One year follow up efficacy of the coping power universal and its relations with teachers’ occupational stress

Valentina Levantini, Emanuela Ala, Iacopo Bertacchi, Giulia Cristoni, Sara Maggi, Gaelle Pontrandolfo, Monica Torsellini, John E. Lochman, Pietro Muratori

Research output: Contribution to journalArticlepeer-review


The coping power universal (CPU) is an evidence-based universal prevention program delivered by teachers, and completely integrated into the school agenda. Previous studies have shown its positive effects, though little is known about its longer-term effects, and no previous study has explored whether teachers’ occupational stress could influence the CPU efficacy. The current study aimed to explore the 1 year follow up of the CPU on students’ externalizing and internalizing problems and prosocial behavior, and the influence of baseline levels of teachers’ stress in a sample of 316 3rd graders and their teachers (N = 32). Results showed that the CPU led to positive effects, not attainable with the standard curriculum. Additionally, improvements in prosocial behavior persisted even one year after the conclusion of the program. However, improvements in internalizing and externalizing problems were not maintained at the follow up, highlighting the need to understand the factors influencing the CPU efficacy. In this regard, our findings showed that high levels of teachers’ occupational stress predicted poorer improvements following the CPU, and an increase in students’ difficulties at the follow-up assessment. Addressing teachers’ stress as part of prevention programs for students could boost their efficacy and yield more lasting results.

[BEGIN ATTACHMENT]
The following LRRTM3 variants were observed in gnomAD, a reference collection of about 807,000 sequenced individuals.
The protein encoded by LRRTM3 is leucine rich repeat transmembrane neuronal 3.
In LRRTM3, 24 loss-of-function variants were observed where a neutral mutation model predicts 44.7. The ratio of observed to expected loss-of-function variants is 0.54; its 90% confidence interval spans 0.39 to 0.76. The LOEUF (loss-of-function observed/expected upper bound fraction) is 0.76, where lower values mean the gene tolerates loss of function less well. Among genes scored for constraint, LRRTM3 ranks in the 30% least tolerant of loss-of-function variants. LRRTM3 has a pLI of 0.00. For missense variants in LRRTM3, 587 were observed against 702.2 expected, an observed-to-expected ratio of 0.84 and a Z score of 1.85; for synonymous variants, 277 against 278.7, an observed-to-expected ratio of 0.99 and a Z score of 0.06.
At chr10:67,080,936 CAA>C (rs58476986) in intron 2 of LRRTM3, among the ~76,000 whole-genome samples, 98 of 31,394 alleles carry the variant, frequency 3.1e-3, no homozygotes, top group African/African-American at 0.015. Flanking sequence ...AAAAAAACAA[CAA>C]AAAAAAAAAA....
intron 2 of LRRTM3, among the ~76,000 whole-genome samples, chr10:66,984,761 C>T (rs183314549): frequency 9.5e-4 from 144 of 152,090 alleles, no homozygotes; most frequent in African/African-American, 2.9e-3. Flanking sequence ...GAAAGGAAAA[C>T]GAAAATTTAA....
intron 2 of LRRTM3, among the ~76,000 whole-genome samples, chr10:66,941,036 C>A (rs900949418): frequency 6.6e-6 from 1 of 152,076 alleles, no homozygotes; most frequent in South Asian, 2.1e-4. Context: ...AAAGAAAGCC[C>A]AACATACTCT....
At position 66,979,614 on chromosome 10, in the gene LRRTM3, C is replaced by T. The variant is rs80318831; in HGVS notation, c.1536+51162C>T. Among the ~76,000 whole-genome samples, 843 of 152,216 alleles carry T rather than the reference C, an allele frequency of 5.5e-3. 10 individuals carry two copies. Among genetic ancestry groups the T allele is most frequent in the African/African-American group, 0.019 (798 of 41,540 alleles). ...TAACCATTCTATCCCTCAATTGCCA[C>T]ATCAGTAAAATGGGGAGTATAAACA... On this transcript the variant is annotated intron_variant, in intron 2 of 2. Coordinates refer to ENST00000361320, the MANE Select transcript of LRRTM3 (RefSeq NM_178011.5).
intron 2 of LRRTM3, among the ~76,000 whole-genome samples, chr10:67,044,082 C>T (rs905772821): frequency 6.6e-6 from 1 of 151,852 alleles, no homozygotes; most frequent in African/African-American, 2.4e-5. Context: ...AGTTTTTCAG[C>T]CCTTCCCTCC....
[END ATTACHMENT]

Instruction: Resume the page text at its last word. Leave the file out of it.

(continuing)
Original languageEnglish
Article number832
Issue number10
Publication statusPublished - Oct 2021


  • Evidence-based programs
  • Externalizing
  • Internalizing
  • Prosocial
  • Teachers’ stress

ASJC Scopus subject areas

  • Pediatrics, Perinatology, and Child Health


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